Neversong immediately caught my eye when I first saw it on Steam. Its aesthetics, reminiscent of those well-crafted puzzle/mystery Flash games I enjoyed in my childhood, evoked long-forgotten but comforting memories of the hours I spent at the computer lab after school. Similarly, its puzzle-platforming gameplay reminded me of Limbo, another favorite gaming experience of mine. But once the rosy sheen of nostalgia wore off and the giddiness of starting a new game died down, there was little substance to sustain my excitement.
Players are put into the shoes of Peet, a timid but determined young boy who accidentally stumbles into an abandoned asylum with his childhood friend Wren. A mysterious ghoul kidnaps Wren, and Peet sets out from his hometown of Red Wind Village to save her. Peet’s journey is one of heartbreak and sinister revelations as he unravels the larger mystery surrounding Wren’s kidnapping; or at least that’s what it attempts to be.
From start to finish, the entirety of the game, cutscenes and all, takes a total of roughly three hours to complete. If the physics for some of the puzzles were a bit more cooperative, it could have easily gone down to just under three hours. This isn’t to say that runtime is indicative of quality, as games like To the Moon or Undertale have proven, but Neversong‘s writing isn’t nearly good enough to justify such a short runtime, even by indie standards.
The lack of detail and agency throughout the story makes it difficult to form any sort of emotional bond with the main characters, let alone Peet’s various acquaintances you meet along the way. But Peet’s relationship with Wren, in particular, lacks depth despite being the main conceit of the game. Indeed, it’s difficult to really care about Peet’s motivations when the only clues given to you about his supposedly close friendship with Wren are a handful of photos and a smattering of vague NPC dialogue. And when the story petered out after three hours with little to no development, I felt annoyed that I even tried to understand the characters and world at all.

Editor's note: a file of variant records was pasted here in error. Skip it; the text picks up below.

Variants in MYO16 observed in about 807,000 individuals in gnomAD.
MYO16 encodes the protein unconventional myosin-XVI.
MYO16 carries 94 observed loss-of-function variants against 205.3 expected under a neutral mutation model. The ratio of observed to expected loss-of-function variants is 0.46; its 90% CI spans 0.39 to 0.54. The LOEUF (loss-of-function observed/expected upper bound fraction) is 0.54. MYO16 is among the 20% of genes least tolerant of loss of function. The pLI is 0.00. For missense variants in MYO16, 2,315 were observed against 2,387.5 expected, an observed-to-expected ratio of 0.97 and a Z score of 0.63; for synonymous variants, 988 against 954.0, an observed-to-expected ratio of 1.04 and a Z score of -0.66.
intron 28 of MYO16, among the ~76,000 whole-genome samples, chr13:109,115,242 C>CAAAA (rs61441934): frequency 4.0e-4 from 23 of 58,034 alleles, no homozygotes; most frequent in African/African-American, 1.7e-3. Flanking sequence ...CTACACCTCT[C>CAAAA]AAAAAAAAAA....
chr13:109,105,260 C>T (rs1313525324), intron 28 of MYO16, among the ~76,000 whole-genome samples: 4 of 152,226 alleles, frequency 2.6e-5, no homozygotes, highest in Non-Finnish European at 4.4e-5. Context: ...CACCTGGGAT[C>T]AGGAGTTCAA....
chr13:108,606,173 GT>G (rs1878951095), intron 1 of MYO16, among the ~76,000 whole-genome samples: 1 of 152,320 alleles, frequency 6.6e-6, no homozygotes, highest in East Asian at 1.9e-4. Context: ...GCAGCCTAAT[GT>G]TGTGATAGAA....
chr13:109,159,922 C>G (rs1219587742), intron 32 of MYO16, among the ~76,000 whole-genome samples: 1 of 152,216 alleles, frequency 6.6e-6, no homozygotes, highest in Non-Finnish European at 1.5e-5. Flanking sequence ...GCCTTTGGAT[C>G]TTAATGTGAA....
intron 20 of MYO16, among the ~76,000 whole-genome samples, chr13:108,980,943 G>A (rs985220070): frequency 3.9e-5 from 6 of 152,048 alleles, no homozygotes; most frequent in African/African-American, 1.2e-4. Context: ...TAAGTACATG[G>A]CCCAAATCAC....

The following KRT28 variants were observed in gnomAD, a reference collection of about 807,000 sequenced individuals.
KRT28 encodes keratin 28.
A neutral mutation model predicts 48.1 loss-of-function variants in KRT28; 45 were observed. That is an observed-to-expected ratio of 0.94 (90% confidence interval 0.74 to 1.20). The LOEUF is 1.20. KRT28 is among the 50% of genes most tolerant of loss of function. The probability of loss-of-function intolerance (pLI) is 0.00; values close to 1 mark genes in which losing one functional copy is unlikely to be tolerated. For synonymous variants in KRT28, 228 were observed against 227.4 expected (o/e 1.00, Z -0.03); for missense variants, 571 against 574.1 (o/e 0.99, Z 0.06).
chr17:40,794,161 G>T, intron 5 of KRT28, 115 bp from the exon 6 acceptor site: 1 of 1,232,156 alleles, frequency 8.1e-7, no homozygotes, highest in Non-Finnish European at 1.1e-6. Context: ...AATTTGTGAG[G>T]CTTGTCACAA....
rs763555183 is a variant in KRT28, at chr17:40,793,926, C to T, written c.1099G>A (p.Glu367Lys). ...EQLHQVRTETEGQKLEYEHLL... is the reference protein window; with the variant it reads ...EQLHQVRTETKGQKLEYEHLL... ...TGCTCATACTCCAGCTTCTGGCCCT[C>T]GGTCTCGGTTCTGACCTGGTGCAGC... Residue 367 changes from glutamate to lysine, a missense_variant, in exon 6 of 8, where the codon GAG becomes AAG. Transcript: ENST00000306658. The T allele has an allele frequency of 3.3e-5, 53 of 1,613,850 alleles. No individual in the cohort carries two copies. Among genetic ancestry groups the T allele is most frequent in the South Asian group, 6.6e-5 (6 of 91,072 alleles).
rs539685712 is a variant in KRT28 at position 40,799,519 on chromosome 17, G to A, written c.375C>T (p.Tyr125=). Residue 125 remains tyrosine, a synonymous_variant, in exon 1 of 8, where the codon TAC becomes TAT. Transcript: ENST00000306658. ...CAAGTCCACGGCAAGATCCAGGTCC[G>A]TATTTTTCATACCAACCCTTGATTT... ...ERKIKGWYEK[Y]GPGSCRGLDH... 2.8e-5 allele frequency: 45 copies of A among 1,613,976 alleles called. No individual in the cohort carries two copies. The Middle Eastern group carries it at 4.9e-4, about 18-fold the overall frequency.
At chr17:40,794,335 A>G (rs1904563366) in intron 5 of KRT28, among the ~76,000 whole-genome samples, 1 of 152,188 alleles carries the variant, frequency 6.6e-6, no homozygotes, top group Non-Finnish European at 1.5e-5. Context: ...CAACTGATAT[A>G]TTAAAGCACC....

Neversong can’t seem to shake this lack of attention to detail in its gameplay either, as it adds little to no meat to the basic skeleton of puzzle/adventure gameplay. Puzzles require little more than some eyeballing and a dash of deliberation to solve, and combat doesn’t fare much better, as jumping up to click spam flying enemies is the most advanced maneuver the game requires of you. Enemy designs don’t make encounters any more exciting either, as they almost entirely consist of some variation of a one-eyed orange monster with different types of appendages depending on whether it flies, jumps or simply floats around. There are attempts to shake things up just past the halfway mark when some new enemies make an appearance, but at this point, it feels like a token move to introduce a bit of variety for the last hour or so of the game, rather than a meaningful overall addition to the experience.
There are some items you can acquire later on that allow you to glide, grapple, and move around a bit faster. But outside of the ability to grapple (and even then, only onto specific objects), the other options are unlocked so late into the game that you’ll only find one or two meaningful uses for them before the credits. These items can be unlocked faster in new game plus if you fancy speedrunning, but otherwise new game plus is essentially void of new gameplay content.
This isn’t to say I found everything in Neversong disappointing, as the music and overall sound design are both easy on the ears and goosebump-inducing at the right moments. The screams of bosses as you whittle down their health had my hair stand on end, as if someone were raking their nails down a particularly screechy chalkboard, and some of the enemy additions managed to tickle my fight or flight instincts with their feral howls upon entering combat. The soundtrack does its best to fill the void in world-building left by the far too sparsely detailed world, but it ultimately fails to paint Red Wind Village as a compelling setting.
At the end of the day, Neversong is a game that lacks in creativity as much as it does in execution. Its incredibly short runtime clashes with the themes and emotions it tries to convey in its story, while the minimal gameplay and easy puzzles make for a decidedly unsatisfying gaming experience. With neither gameplay nor story fully covered, the end result is a game that can’t quite decide if it wants to be a point-and-click adventure or a puzzle-platformer, and quite frankly, it doesn’t try very hard to make you want to find out.